VRM Intel receives daily complaints from vacation rental managers and homeowners about HomeAway’s latest changes and actions, which are largely related to its decisions to: charge additional fees to guests, require online booking, mask customer data to eliminate direct communications between managers/owners and shoppers, remove all manager/owner information from listings to reduce “leakage,” and threaten to remove listings for perceived infractions of the new policies.
However, several HomeAway representatives believe the angst among vacation rental managers and owners is unfair, especially when compared to Airbnb.
After all, Airbnb also charges guests added fees, and it requires online booking. Airbnb also masks customer data and often removes listings for any perceived violations. In fact, all of HomeAway’s actions mirror those of their number one competitor, Airbnb.
And there is more to come. Airbnb employs pricing suggestion tools and automation (widely reported to push down pricing), and it standardizes contracts and cancelation policies, initiatives that Expedia-owned HomeAway is expected to launch over the coming weeks and months.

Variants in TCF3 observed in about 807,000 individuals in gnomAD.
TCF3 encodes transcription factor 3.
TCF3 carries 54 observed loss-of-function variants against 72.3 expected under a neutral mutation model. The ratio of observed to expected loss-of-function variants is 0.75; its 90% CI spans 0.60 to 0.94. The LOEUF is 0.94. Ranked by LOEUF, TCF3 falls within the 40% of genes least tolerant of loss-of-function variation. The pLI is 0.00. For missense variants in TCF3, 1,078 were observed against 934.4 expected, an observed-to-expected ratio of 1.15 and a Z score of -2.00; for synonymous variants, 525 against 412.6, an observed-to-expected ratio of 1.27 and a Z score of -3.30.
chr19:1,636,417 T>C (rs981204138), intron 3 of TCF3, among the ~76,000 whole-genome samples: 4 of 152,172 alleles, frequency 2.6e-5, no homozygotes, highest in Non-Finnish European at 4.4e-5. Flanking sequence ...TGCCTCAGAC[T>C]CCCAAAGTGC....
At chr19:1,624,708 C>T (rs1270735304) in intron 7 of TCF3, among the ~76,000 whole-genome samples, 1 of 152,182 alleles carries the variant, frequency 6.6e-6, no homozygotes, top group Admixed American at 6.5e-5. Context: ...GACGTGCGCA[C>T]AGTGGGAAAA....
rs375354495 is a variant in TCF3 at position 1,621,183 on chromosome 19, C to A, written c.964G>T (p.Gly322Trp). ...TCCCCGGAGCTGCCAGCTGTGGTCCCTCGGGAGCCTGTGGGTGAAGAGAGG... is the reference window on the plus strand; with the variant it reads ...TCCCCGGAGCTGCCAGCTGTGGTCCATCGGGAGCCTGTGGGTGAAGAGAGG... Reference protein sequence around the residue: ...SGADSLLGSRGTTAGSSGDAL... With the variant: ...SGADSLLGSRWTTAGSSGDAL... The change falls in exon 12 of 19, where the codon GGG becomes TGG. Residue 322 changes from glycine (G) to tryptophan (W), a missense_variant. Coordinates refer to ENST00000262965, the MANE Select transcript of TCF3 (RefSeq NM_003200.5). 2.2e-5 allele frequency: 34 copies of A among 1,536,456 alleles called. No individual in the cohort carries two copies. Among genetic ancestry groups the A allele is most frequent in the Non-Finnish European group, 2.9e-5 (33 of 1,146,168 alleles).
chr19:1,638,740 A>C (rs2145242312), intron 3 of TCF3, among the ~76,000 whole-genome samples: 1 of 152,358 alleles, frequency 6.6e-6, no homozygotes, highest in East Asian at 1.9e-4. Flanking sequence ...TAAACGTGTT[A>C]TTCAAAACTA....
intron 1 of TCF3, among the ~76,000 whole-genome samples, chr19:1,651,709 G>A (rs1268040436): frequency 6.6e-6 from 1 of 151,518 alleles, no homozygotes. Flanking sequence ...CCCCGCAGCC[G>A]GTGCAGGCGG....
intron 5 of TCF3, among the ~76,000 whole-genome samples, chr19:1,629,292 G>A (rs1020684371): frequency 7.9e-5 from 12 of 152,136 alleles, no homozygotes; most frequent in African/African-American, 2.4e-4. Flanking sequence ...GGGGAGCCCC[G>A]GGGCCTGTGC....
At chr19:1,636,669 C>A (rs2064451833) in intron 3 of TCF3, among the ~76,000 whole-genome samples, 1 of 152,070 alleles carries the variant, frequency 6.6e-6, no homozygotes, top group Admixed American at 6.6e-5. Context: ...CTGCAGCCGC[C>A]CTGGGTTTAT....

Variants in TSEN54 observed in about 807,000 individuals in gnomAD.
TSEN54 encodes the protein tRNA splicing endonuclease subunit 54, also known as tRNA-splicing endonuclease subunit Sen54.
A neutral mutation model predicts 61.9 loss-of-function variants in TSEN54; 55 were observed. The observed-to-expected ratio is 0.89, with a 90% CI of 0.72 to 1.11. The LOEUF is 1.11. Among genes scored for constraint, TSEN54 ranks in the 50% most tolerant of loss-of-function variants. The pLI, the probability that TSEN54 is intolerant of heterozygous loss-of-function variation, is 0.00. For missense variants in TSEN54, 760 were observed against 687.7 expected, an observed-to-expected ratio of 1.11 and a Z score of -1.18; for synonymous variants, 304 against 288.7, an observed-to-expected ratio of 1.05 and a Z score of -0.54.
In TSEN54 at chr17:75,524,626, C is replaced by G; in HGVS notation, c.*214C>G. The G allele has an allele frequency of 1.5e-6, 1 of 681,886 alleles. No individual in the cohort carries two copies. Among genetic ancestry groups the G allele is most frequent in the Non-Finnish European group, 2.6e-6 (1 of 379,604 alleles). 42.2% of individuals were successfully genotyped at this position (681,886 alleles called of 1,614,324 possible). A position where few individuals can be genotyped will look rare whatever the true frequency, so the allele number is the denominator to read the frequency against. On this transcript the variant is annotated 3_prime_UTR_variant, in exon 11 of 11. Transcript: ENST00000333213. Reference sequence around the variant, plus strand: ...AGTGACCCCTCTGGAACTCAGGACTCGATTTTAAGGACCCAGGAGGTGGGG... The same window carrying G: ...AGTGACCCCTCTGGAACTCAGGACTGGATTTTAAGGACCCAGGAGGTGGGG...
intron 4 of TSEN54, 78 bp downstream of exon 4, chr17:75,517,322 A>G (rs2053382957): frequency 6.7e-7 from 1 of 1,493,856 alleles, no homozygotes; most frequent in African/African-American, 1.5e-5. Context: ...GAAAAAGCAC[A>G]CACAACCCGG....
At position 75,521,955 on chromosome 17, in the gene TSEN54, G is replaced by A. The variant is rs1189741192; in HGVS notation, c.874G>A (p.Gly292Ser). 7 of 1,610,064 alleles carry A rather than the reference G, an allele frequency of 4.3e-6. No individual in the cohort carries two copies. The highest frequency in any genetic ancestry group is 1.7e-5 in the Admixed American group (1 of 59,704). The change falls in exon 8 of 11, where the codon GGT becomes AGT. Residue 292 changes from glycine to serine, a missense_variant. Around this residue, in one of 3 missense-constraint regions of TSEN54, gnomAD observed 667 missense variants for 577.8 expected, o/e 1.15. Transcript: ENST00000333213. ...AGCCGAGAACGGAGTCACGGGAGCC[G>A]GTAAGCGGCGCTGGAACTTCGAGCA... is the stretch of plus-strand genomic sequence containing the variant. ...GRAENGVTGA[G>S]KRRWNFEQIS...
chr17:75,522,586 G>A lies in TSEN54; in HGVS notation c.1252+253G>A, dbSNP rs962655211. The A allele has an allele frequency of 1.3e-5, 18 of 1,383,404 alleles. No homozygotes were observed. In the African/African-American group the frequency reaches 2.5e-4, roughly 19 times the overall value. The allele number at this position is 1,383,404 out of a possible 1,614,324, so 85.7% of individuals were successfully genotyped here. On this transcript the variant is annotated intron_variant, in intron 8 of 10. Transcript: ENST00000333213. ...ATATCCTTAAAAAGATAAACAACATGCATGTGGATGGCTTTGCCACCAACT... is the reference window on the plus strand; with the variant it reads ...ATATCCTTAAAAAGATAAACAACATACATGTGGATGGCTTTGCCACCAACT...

So why is HomeAway the recipient of so much passionate criticism while Airbnb skates by?
The answer is both simple and complex.
The simple answer is that, first, in traditional vacation markets (which include beach, lake, mountain, and Disney-oriented destinations), suppliers do not receive enough of their revenue from Airbnb to warrant such a response. Second, Airbnb didn’t change their policies. From the time that Airbnb began attracting suppliers in traditional vacation rental markets, their policies have remained consistent.